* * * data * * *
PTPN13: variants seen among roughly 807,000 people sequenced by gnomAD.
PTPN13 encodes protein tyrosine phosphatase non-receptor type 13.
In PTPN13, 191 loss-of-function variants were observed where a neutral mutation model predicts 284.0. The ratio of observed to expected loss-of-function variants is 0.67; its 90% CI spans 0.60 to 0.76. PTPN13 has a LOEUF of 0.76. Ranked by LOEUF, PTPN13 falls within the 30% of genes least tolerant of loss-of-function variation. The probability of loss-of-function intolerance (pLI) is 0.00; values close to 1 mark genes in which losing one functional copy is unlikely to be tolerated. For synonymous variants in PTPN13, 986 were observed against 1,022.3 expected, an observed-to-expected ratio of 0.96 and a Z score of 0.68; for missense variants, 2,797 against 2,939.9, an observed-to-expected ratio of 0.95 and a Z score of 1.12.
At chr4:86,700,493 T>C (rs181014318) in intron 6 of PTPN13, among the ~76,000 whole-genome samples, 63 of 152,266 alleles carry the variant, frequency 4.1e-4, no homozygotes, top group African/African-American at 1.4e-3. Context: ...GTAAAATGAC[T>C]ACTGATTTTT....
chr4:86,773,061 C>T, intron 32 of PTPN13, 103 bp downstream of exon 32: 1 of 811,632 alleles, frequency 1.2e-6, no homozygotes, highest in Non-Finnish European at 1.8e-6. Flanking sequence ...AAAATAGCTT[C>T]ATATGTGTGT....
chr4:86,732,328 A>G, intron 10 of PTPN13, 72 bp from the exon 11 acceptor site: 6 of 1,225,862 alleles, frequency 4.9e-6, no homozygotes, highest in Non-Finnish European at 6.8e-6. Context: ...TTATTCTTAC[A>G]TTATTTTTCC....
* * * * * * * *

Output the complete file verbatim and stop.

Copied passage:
PTPN13: variants seen among roughly 807,000 people sequenced by gnomAD.
PTPN13 encodes protein tyrosine phosphatase non-receptor type 13.
In PTPN13, 191 loss-of-function variants were observed where a neutral mutation model predicts 284.0. The ratio of observed to expected loss-of-function variants is 0.67; its 90% CI spans 0.60 to 0.76. PTPN13 has a LOEUF of 0.76. Ranked by LOEUF, PTPN13 falls within the 30% of genes least tolerant of loss-of-function variation. The probability of loss-of-function intolerance (pLI) is 0.00; values close to 1 mark genes in which losing one functional copy is unlikely to be tolerated. For synonymous variants in PTPN13, 986 were observed against 1,022.3 expected, an observed-to-expected ratio of 0.96 and a Z score of 0.68; for missense variants, 2,797 against 2,939.9, an observed-to-expected ratio of 0.95 and a Z score of 1.12.
At chr4:86,700,493 T>C (rs181014318) in intron 6 of PTPN13, among the ~76,000 whole-genome samples, 63 of 152,266 alleles carry the variant, frequency 4.1e-4, no homozygotes, top group African/African-American at 1.4e-3. Context: ...GTAAAATGAC[T>C]ACTGATTTTT....
chr4:86,773,061 C>T, intron 32 of PTPN13, 103 bp downstream of exon 32: 1 of 811,632 alleles, frequency 1.2e-6, no homozygotes, highest in Non-Finnish European at 1.8e-6. Flanking sequence ...AAAATAGCTT[C>T]ATATGTGTGT....
chr4:86,732,328 A>G, intron 10 of PTPN13, 72 bp from the exon 11 acceptor site: 6 of 1,225,862 alleles, frequency 4.9e-6, no homozygotes, highest in Non-Finnish European at 6.8e-6. Context: ...TTATTCTTAC[A>G]TTATTTTTCC....